A to Yokohama, Japan on the Pacific ocean. As the war had just ended, it was difficult to get accommodations. Therefore, the narrator had to share a cabin with a total stranger, but he expected him to be one of his own countrymen.
Oct 10, Polina Ponomareva rated it it was amazing This review has been hidden because it contains spoilers. To view it, click here. A rich British merchant of Oriental origin, called Mr.
Kelada, meets a group of Westerners on a ship sailing across the Pacific Ocean. His cabin-mate is a nameless narrator that is a collective image of a typical Englishman has some prejudices about Mr.
He really dislikes Mr. Kelada seems to be extremely communicative, and sometimes even annoying, so nobody appreciates him very much.
One day he bets with Mr. Ramsey about the authenticity of pearls in the chain of Mrs. Due to this fact, he deserves the respect of the narrator. This story teaches us that appearances are deceptive.
Kelada was described as a hearty, jovial, loquacious and argumentative person. Passengers called him Mr. Know-All, even to his face, and this is a serious insult. Although, in an inconvenient situation he shows himself as a sympathetic and understanding person who was not afraid to tarnish his reputation for the sake of preserving the reputation of another person.
The story is told in the first person, but during the narrative his role in the story is changing. At the beginning of the story he is rather active and involved, but at the end his role is very small. He just describes what he sees.
What is more, there is no description of the narrator, even his name is not mentioned.
This is because the narrator is a typical and unremarkable Englishman, in the place of which everyone can appear. Moreover, the whole ship is an allusion to the real world; it is the collective image of our society. The moral of this story is rather simple and understandable.
Real pearls and cultured pearls look very similar.
But only a closer inspection can reveal what is real and what is imitation. The same goes for people. We all may be guilty of judging people by stereotypes rather than examining the true character of people and getting to know them as individuals.
To sum it all, I would like to say that this story makes you think. It reflects the realities of our world, and you can recognize yourself in the characters of this story. I would recommend it to everyone because it is worth reading and discussing.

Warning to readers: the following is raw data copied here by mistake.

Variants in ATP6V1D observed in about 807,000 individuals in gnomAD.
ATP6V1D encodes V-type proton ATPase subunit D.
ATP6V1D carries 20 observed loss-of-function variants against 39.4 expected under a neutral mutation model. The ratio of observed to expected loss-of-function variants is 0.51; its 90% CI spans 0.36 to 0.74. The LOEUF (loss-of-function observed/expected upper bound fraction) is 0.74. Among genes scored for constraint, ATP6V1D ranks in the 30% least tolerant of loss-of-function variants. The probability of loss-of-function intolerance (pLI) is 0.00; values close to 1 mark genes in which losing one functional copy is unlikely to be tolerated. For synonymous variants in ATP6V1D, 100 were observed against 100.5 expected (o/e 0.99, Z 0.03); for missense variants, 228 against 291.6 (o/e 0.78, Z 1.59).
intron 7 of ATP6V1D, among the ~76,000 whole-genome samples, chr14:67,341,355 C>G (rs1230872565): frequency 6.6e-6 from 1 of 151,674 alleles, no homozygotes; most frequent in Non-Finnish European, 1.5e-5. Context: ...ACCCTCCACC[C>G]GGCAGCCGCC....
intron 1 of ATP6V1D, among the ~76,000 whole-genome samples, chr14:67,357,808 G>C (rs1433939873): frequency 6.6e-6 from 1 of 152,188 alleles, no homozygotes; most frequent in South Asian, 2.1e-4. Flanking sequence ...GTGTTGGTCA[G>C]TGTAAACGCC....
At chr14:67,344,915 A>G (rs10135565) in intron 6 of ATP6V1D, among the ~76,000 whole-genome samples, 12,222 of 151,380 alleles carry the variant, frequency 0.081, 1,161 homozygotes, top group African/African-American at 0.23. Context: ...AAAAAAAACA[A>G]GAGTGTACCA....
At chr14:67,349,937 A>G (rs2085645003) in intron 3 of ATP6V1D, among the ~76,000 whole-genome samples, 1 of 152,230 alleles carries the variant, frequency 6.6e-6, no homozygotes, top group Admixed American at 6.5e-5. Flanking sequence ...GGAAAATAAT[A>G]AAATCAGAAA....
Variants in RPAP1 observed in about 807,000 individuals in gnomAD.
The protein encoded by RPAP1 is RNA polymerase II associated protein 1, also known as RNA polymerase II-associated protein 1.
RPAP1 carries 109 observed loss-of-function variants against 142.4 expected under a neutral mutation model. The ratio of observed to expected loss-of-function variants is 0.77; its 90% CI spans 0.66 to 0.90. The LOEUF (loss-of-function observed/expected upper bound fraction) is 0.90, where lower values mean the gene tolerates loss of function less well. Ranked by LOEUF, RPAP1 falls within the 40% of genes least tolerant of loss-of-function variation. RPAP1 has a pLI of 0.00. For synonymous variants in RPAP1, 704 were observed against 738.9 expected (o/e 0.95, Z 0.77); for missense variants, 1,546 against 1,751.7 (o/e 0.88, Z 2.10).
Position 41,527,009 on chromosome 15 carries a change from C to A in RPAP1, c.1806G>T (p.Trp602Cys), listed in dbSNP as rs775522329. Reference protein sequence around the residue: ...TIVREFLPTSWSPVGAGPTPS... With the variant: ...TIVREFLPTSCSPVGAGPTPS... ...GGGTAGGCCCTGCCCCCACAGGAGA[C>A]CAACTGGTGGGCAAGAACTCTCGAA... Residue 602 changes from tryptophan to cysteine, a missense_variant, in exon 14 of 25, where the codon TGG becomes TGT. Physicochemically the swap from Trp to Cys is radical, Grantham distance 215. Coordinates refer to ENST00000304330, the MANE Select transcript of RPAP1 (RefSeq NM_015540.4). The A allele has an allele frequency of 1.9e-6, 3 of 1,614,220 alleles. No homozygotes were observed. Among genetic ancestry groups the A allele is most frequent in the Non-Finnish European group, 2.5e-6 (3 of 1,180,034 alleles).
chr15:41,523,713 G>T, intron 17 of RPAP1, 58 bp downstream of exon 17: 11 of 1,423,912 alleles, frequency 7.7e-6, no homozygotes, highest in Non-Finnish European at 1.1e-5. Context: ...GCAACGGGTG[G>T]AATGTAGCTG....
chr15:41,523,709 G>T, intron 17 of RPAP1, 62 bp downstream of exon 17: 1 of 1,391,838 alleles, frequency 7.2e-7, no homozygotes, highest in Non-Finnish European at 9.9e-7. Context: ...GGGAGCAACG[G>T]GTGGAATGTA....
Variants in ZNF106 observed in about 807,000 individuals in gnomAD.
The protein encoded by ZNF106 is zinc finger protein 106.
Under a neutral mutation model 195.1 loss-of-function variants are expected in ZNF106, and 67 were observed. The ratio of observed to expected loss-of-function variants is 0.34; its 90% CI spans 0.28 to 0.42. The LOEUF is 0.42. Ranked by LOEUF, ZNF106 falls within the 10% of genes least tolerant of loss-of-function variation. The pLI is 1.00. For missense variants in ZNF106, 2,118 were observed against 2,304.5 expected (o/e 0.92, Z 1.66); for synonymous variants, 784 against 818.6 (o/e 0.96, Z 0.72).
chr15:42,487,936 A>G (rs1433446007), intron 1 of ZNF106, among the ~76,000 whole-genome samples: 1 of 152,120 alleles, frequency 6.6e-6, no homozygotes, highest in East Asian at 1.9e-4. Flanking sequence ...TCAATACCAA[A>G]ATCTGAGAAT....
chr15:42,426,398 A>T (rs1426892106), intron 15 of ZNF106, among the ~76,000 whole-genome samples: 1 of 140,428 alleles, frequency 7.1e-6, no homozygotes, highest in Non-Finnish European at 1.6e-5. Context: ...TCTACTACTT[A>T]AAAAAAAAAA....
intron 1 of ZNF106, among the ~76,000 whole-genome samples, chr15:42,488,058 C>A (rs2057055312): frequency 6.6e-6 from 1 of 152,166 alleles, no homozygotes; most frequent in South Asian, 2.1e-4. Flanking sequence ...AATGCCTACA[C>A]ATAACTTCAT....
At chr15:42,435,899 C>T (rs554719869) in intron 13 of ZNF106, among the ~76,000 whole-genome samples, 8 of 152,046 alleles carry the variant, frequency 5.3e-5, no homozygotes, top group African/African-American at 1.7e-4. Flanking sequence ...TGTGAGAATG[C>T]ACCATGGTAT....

Maugham In this review I am going to talk about is one of the best novels I have ever read. The story is written by a well-known writer of the twentieth century William Somerset Maugham.
The story takes place on a passenger ship sailing from San Francisco to Yokohama, shorty after the end of the First World War. The importance of the ship is that it is a closed environment. On land the narrator could have easily avoided Mr Kelada.
On a ship, this would be impossible.
The major theme of the story is prejudice. From the very first paragraph, the narrator expresses his negative feelings about the man with whom he must share a cabin on the ship.
At last something that Ramsay said stung him ,for he thumped the table and shouted. She was staring at him with wide and terrified eyes.In Mr Know-All, the whole meaning will be lost if the reader fails to see the narrator’s prejudice about Mr Kelada’s ethnic origins from the very first paragraph of the story.
The language (tone) of the story is formal and many of the descriptions of what it means to be British are sarcastic. In Mr Know-All by W. Somerset Maugham we have the theme of contempt, control, honour, change, ego, appearance and honesty.
Taken from his Collected Short Stories collection the story is narrated in the first person by an unnamed male and from the beginning of the story it becomes clear to the reader that Maugham may be exploring the theme of contempt. "Mr.
Know-All" is a short story by W. Somerset Maugham. In it, the narrator describes part of an ocean voyage with his cabin mate, Mr. Kelada. The narrator doesn't like Kelada and spends the story. The narrator in Mr Know-All does not like Mr Kelada, even before he meets him and he prejudges Mr Kelada on this basis.
"I was prepared to dislike Max Kelada even before I knew him." Max Kelada is. After the author's introduction, the second of three stories by W. Somerset Maugham, called Mr. Know-All, with Nigel Patrick the title character, British shipmates Wilfrid Hyde-White, Naunton Wayne and Anne Crawford his victims, in producer Sydney Box's Trio, Mr.
W. Somerset Maugham. I was prepared to dislike Max Kelada even before I knew him. The war had just finished and the passenger traffic in the ocean going liners was heavy.